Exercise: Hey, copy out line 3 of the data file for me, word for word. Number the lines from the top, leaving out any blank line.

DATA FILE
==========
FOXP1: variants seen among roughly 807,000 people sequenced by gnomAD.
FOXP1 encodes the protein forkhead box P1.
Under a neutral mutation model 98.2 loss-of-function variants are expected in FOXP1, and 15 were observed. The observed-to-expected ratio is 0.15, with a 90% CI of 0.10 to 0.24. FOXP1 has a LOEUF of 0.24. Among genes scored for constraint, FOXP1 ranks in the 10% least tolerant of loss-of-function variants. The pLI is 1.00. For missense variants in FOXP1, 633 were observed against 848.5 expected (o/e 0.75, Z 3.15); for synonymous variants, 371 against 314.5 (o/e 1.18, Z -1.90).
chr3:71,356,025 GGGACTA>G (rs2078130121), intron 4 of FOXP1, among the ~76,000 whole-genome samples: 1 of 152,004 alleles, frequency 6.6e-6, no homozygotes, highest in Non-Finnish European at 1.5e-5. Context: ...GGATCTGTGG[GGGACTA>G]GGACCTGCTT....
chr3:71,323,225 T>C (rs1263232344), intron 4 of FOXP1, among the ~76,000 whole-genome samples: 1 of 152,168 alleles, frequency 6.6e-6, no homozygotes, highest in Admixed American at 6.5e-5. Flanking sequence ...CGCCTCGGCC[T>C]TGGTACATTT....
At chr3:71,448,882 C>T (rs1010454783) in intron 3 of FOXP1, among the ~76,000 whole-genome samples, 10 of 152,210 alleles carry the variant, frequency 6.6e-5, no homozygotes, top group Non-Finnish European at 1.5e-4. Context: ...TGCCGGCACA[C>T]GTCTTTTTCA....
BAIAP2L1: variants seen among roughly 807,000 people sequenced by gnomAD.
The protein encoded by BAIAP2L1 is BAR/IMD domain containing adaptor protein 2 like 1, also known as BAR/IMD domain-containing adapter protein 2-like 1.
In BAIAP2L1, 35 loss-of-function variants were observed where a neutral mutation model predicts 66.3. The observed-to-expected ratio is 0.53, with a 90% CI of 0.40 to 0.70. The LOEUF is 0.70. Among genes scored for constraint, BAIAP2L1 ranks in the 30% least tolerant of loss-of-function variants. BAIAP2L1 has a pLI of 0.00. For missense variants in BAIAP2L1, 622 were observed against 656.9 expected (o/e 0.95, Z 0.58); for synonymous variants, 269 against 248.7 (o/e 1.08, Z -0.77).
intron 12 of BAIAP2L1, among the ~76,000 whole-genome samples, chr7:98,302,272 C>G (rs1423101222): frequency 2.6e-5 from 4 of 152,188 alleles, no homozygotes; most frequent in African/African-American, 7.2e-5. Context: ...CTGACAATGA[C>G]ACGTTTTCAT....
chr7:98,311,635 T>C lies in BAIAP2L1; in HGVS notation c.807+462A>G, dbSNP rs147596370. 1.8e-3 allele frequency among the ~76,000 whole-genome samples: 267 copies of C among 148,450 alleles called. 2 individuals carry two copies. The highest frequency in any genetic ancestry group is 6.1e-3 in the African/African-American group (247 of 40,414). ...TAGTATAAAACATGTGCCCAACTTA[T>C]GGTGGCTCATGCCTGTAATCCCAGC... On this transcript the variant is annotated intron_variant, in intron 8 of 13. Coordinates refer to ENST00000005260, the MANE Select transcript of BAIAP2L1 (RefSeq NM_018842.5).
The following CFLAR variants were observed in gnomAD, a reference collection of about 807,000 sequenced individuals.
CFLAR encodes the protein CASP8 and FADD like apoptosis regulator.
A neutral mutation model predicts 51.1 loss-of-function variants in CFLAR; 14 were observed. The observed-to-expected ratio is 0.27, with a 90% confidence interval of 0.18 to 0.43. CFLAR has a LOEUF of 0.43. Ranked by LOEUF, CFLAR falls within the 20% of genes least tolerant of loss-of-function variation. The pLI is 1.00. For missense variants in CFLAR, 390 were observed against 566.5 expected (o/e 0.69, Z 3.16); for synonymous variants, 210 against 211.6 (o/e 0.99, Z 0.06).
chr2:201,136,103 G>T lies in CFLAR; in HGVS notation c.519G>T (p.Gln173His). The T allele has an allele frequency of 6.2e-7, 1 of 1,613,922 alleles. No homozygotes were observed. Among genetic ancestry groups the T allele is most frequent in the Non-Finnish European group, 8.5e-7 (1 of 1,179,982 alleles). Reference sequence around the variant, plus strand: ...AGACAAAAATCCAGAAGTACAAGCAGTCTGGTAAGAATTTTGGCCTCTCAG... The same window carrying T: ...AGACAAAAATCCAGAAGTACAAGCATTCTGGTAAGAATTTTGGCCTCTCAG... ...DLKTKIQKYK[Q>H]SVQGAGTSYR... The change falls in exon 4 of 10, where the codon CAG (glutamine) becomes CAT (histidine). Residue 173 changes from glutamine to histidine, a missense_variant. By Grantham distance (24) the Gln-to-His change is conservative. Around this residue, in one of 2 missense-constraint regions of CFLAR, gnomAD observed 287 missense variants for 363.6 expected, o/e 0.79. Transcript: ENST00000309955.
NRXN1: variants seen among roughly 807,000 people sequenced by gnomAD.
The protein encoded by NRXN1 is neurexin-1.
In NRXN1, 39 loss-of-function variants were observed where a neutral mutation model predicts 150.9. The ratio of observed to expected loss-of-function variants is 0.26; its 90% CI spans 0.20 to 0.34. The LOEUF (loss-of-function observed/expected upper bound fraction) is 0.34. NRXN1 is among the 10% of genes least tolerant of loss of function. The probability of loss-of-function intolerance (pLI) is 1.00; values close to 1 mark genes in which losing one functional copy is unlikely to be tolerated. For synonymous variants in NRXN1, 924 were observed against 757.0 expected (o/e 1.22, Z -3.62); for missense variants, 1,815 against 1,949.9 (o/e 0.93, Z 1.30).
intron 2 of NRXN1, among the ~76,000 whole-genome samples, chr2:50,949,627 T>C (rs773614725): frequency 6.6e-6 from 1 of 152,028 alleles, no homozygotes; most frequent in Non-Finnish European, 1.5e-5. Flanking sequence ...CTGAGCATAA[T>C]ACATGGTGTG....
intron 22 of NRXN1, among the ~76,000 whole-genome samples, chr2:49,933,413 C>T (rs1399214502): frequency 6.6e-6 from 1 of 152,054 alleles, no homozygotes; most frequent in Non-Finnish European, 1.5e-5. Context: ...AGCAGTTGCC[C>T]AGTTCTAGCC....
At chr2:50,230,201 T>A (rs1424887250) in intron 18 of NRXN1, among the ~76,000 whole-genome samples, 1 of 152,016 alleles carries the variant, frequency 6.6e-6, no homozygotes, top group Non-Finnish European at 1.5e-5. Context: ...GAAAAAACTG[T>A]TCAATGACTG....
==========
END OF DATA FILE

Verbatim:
Under a neutral mutation model 98.2 loss-of-function variants are expected in FOXP1, and 15 were observed. The observed-to-expected ratio is 0.15, with a 90% CI of 0.10 to 0.24. FOXP1 has a LOEUF of 0.24. Among genes scored for constraint, FOXP1 ranks in the 10% least tolerant of loss-of-function variants. The pLI is 1.00. For missense variants in FOXP1, 633 were observed against 848.5 expected (o/e 0.75, Z 3.15); for synonymous variants, 371 against 314.5 (o/e 1.18, Z -1.90).